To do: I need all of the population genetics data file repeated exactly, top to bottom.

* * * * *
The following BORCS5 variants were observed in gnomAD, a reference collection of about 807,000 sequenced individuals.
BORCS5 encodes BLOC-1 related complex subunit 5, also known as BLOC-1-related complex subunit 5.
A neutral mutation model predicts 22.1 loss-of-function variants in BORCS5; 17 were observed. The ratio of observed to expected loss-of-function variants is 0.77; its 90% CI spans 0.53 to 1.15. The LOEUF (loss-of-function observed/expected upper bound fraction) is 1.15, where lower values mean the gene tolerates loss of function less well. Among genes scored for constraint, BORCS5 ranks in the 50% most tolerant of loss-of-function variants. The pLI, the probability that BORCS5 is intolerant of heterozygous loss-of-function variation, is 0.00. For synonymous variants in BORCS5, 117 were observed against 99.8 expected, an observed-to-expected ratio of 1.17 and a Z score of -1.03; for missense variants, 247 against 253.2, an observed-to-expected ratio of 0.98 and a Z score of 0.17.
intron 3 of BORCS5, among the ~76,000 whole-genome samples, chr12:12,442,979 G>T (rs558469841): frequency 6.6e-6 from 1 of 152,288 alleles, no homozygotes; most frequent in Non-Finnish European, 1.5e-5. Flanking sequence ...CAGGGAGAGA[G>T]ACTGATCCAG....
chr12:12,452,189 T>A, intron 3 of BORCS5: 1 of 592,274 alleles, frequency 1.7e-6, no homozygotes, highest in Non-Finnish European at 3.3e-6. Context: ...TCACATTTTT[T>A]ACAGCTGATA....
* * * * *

The following BORCS5 variants were observed in gnomAD, a reference collection of about 807,000 sequenced individuals.
BORCS5 encodes BLOC-1 related complex subunit 5, also known as BLOC-1-related complex subunit 5.
A neutral mutation model predicts 22.1 loss-of-function variants in BORCS5; 17 were observed. The ratio of observed to expected loss-of-function variants is 0.77; its 90% CI spans 0.53 to 1.15. The LOEUF (loss-of-function observed/expected upper bound fraction) is 1.15, where lower values mean the gene tolerates loss of function less well. Among genes scored for constraint, BORCS5 ranks in the 50% most tolerant of loss-of-function variants. The pLI, the probability that BORCS5 is intolerant of heterozygous loss-of-function variation, is 0.00. For synonymous variants in BORCS5, 117 were observed against 99.8 expected, an observed-to-expected ratio of 1.17 and a Z score of -1.03; for missense variants, 247 against 253.2, an observed-to-expected ratio of 0.98 and a Z score of 0.17.
intron 3 of BORCS5, among the ~76,000 whole-genome samples, chr12:12,442,979 G>T (rs558469841): frequency 6.6e-6 from 1 of 152,288 alleles, no homozygotes; most frequent in Non-Finnish European, 1.5e-5. Flanking sequence ...CAGGGAGAGA[G>T]ACTGATCCAG....
chr12:12,452,189 T>A, intron 3 of BORCS5: 1 of 592,274 alleles, frequency 1.7e-6, no homozygotes, highest in Non-Finnish European at 3.3e-6. Context: ...TCACATTTTT[T>A]ACAGCTGATA....